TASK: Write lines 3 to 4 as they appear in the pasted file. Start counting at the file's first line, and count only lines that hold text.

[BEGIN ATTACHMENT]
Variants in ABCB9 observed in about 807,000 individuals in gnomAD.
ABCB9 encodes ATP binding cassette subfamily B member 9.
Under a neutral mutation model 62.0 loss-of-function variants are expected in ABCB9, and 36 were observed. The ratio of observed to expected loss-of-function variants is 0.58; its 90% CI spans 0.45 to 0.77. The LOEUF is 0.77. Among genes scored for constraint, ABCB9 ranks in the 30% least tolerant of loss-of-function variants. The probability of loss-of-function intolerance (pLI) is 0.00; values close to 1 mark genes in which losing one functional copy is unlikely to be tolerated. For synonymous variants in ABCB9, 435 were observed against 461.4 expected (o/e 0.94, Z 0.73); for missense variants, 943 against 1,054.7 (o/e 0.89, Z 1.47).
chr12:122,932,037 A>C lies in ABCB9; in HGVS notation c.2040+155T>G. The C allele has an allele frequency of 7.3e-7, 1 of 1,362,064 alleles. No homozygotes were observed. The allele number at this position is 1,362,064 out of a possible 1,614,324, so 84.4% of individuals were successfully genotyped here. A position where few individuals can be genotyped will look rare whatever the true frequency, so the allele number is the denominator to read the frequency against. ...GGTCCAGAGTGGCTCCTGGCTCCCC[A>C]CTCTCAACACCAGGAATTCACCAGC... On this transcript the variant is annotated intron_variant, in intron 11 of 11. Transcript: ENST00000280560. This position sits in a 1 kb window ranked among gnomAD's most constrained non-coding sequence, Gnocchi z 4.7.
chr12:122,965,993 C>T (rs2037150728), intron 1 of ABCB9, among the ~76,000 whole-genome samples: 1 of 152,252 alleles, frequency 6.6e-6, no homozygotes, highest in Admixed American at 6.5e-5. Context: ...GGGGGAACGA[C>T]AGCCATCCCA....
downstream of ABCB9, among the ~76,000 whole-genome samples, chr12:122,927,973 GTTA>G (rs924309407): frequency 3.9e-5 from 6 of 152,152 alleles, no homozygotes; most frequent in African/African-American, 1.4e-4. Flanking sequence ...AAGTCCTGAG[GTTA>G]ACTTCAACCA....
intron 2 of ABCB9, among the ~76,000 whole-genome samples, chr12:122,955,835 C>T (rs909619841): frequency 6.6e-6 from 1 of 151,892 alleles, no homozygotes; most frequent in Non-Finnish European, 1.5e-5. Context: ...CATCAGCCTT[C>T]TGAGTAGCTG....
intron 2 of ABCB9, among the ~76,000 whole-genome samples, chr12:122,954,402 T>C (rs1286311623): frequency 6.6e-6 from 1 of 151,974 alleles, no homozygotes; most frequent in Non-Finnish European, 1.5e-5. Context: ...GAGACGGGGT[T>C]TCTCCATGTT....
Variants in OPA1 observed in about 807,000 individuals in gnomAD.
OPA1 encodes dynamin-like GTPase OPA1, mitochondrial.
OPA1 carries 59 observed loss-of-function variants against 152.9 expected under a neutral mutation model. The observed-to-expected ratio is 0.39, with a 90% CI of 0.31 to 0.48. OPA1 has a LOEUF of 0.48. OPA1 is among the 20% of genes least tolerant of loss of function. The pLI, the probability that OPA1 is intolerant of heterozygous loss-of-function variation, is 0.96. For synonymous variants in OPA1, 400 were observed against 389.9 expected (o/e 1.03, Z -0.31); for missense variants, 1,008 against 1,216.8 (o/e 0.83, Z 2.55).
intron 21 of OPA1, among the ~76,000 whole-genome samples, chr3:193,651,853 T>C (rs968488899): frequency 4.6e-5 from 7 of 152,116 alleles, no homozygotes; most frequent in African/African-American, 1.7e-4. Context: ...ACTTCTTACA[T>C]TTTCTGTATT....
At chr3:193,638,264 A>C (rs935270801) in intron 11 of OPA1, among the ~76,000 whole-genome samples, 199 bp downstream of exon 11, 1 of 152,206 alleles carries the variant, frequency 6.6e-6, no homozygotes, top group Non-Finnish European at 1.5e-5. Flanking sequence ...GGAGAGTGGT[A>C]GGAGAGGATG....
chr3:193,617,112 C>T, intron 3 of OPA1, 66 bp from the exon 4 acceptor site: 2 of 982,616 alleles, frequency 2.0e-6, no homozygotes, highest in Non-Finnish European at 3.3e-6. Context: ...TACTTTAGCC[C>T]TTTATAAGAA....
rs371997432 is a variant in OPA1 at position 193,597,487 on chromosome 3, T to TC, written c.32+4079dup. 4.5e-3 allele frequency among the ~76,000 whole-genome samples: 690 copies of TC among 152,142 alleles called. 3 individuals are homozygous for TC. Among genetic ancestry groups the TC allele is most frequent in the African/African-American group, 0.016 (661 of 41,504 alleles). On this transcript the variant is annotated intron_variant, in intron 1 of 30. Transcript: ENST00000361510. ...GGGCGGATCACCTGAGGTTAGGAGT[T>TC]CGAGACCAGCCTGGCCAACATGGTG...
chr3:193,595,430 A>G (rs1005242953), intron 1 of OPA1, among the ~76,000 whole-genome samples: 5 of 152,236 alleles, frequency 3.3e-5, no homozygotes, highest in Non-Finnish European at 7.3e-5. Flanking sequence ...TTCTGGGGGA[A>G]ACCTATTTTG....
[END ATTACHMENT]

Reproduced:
Under a neutral mutation model 62.0 loss-of-function variants are expected in ABCB9, and 36 were observed. The ratio of observed to expected loss-of-function variants is 0.58; its 90% CI spans 0.45 to 0.77. The LOEUF is 0.77. Among genes scored for constraint, ABCB9 ranks in the 30% least tolerant of loss-of-function variants. The probability of loss-of-function intolerance (pLI) is 0.00; values close to 1 mark genes in which losing one functional copy is unlikely to be tolerated. For synonymous variants in ABCB9, 435 were observed against 461.4 expected (o/e 0.94, Z 0.73); for missense variants, 943 against 1,054.7 (o/e 0.89, Z 1.47).
chr12:122,932,037 A>C lies in ABCB9; in HGVS notation c.2040+155T>G. The C allele has an allele frequency of 7.3e-7, 1 of 1,362,064 alleles. No homozygotes were observed. The allele number at this position is 1,362,064 out of a possible 1,614,324, so 84.4% of individuals were successfully genotyped here. A position where few individuals can be genotyped will look rare whatever the true frequency, so the allele number is the denominator to read the frequency against. ...GGTCCAGAGTGGCTCCTGGCTCCCC[A>C]CTCTCAACACCAGGAATTCACCAGC... On this transcript the variant is annotated intron_variant, in intron 11 of 11. Transcript: ENST00000280560. This position sits in a 1 kb window ranked among gnomAD's most constrained non-coding sequence, Gnocchi z 4.7.